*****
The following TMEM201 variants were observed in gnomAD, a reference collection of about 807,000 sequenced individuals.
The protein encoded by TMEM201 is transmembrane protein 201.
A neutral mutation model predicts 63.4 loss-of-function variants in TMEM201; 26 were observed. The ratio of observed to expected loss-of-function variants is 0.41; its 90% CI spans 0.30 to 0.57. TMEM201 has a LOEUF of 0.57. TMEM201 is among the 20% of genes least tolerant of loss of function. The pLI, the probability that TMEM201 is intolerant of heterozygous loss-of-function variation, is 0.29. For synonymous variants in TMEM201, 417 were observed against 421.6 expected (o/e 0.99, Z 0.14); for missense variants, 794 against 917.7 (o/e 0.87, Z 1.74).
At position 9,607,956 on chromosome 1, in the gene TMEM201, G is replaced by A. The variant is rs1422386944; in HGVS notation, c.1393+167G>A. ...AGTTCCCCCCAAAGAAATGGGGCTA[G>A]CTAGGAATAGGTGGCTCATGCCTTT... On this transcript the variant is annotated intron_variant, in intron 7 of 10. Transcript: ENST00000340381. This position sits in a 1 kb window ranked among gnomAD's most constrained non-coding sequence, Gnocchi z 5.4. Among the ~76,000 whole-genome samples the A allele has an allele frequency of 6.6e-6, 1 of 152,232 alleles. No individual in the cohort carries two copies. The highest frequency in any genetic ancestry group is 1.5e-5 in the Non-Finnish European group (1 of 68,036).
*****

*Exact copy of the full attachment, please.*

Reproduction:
The following TMEM201 variants were observed in gnomAD, a reference collection of about 807,000 sequenced individuals.
The protein encoded by TMEM201 is transmembrane protein 201.
A neutral mutation model predicts 63.4 loss-of-function variants in TMEM201; 26 were observed. The ratio of observed to expected loss-of-function variants is 0.41; its 90% CI spans 0.30 to 0.57. TMEM201 has a LOEUF of 0.57. TMEM201 is among the 20% of genes least tolerant of loss of function. The pLI, the probability that TMEM201 is intolerant of heterozygous loss-of-function variation, is 0.29. For synonymous variants in TMEM201, 417 were observed against 421.6 expected (o/e 0.99, Z 0.14); for missense variants, 794 against 917.7 (o/e 0.87, Z 1.74).
At position 9,607,956 on chromosome 1, in the gene TMEM201, G is replaced by A. The variant is rs1422386944; in HGVS notation, c.1393+167G>A. ...AGTTCCCCCCAAAGAAATGGGGCTA[G>A]CTAGGAATAGGTGGCTCATGCCTTT... On this transcript the variant is annotated intron_variant, in intron 7 of 10. Transcript: ENST00000340381. This position sits in a 1 kb window ranked among gnomAD's most constrained non-coding sequence, Gnocchi z 5.4. Among the ~76,000 whole-genome samples the A allele has an allele frequency of 6.6e-6, 1 of 152,232 alleles. No individual in the cohort carries two copies. The highest frequency in any genetic ancestry group is 1.5e-5 in the Non-Finnish European group (1 of 68,036).